This is the first complete recording of the revised, two-act version of Billy Budd to appear since the one led by the composer appeared in 1968. A previously un-released "private" recording of the four-act version with the original cast showed up in 1994 and shed great light on Britten's growth and approach to drama, and just two years back, Kent Nagano led the same version with Thomas Hampson in the title role on Erato. This present recording is a stunning achievement and pushes all of the others out of the first place slot.
Richard Hickox is absolutely sympathetic to the opera and leads with great understanding for the unfolding tragedy. His tempos are a bit slower throughout than Britten's and this, along with his cast's diction and Chandos' fine ability to record the English language, means that almost every word is discernible, even in the huge, aborted battle scene in Act Two and the heavily orchestrated Billy/Dansker duet that ends Act One. Hickox gets the sadness of the lone saxophone just right after the flogging in Act One, captures the nervous excitement of the almost-battle scene, and gives us Billy's good-natured enthusiasm as distinctly as he underscores Claggart's evil with its low, menacing accompaniment.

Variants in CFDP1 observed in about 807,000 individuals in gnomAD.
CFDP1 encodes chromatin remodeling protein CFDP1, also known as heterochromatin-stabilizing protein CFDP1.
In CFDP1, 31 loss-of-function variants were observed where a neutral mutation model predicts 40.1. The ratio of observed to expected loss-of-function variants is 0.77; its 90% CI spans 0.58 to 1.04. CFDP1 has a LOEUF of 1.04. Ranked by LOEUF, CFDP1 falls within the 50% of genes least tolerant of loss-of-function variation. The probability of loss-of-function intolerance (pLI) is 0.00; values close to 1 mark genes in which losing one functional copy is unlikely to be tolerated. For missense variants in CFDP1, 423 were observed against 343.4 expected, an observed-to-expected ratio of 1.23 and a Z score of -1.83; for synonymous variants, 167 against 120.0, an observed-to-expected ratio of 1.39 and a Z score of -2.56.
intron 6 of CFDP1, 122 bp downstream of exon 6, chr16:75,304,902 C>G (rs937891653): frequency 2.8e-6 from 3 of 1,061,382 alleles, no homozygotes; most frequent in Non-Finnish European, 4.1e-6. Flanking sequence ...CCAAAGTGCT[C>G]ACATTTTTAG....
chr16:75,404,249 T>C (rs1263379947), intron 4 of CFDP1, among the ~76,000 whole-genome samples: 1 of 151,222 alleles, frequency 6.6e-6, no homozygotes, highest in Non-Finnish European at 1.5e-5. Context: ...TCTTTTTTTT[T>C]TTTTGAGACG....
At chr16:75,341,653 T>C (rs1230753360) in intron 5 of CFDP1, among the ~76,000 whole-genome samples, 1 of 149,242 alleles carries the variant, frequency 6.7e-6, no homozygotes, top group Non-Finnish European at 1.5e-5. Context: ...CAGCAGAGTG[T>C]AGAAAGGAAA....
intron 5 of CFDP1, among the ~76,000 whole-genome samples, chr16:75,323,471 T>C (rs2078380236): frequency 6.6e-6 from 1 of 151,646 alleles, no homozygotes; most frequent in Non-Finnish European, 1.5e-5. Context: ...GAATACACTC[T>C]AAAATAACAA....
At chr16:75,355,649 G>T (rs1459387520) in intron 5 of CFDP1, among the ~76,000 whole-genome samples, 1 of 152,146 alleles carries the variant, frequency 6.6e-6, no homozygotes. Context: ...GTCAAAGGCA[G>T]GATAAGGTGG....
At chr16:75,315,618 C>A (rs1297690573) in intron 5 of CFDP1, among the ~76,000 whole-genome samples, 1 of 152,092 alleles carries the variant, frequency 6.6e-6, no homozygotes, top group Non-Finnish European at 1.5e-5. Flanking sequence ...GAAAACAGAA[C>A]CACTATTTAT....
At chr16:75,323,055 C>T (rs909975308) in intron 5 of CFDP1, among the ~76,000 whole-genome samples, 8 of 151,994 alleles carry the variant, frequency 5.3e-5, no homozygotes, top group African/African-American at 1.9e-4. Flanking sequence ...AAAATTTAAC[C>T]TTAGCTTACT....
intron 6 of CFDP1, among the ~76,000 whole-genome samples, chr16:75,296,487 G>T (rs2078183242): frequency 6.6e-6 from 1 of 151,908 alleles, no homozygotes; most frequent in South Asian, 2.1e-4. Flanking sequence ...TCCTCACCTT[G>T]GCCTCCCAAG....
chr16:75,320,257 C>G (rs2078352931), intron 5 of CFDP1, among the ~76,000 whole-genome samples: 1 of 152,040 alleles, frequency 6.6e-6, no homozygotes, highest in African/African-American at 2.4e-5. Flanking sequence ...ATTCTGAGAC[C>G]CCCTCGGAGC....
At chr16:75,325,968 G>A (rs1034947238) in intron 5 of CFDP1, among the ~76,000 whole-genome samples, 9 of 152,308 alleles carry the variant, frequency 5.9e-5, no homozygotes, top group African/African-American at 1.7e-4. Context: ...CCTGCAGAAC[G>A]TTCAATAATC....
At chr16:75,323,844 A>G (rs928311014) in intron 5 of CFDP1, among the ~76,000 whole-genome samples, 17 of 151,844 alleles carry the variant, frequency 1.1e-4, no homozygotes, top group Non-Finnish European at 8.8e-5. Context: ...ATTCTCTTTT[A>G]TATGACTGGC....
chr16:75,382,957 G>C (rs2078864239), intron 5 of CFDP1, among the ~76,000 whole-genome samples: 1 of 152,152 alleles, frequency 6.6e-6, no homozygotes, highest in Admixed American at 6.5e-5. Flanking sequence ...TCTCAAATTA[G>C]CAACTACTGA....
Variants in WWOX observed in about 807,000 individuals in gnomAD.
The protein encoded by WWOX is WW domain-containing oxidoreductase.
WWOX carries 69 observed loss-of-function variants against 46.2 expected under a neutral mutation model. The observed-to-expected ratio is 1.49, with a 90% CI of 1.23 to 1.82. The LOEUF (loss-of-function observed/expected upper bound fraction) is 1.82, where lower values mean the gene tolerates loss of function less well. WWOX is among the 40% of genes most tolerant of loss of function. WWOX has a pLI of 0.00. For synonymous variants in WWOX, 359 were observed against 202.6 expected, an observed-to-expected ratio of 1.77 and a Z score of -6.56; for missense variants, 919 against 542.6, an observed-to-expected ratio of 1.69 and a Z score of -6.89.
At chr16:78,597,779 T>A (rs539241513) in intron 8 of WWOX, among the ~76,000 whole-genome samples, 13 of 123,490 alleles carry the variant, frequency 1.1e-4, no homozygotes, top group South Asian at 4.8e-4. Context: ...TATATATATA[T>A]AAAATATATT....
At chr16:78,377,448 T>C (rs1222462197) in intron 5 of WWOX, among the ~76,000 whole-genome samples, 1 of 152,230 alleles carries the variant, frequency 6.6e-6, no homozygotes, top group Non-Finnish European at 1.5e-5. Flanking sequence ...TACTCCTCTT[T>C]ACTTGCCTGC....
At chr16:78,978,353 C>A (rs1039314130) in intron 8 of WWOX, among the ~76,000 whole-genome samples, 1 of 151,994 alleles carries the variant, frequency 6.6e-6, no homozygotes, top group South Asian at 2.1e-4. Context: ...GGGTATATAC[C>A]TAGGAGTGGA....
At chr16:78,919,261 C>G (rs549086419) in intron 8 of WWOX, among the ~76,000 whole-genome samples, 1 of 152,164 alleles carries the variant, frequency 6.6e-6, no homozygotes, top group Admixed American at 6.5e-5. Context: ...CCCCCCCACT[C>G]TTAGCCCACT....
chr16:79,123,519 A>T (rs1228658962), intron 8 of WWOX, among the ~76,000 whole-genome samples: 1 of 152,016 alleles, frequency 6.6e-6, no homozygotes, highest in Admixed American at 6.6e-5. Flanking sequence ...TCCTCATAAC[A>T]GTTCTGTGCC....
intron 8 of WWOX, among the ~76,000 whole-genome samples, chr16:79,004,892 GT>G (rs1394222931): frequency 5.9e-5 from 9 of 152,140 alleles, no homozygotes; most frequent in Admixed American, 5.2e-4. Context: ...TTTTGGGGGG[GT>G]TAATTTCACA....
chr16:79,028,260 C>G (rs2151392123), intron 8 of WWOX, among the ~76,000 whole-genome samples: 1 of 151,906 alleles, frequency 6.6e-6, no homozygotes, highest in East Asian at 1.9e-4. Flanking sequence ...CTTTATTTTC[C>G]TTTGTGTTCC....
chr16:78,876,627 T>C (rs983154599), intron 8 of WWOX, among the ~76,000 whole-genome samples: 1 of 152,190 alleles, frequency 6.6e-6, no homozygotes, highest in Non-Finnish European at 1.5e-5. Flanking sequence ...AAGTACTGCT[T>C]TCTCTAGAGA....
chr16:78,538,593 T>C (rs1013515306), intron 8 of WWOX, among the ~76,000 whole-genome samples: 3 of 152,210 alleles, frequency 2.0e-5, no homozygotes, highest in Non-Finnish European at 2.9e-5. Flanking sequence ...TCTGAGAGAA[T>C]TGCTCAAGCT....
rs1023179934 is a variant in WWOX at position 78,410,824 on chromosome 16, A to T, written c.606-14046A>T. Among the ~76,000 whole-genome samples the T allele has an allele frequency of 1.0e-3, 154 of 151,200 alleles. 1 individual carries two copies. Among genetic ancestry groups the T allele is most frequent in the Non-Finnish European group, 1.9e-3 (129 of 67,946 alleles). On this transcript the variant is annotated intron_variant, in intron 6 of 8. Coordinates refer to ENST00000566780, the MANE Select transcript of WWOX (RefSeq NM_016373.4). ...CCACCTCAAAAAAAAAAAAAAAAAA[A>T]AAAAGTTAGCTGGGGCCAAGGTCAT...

And his singers are first rate. Simon Keenlyside becomes the Billy for the ages: the voice is beautiful, his involvement is complete, and his outpourings of love and desperation ring sincere. Philip Langridge's Vere is in a class with Peter Pears' but his voice is richer and more easily produced. It's a beautiful, sad performance. In John Tomlinson's portrayal of Claggart there is more than just villainy--the sadism and unctuousness that sometimes are missing are truly apparent here--and it's very ugly indeed. Alan Opie and Matthew Best are stalwart and clear-headed as Redburn and Flint, respectively, and in Mark Padmore and Richard Coxon we discover how crucial the roles of the Novice and Squeak actually are. Clive Bailey's Dansker is colorful and compassionate, and the remainder of the cast--including the adult and children's choruses--is superlative. Needless to say, the LSO plays brilliantly. This Billy Budd is the desert island pick--two acts or four.
--Robert Levine, ClassicsToday.com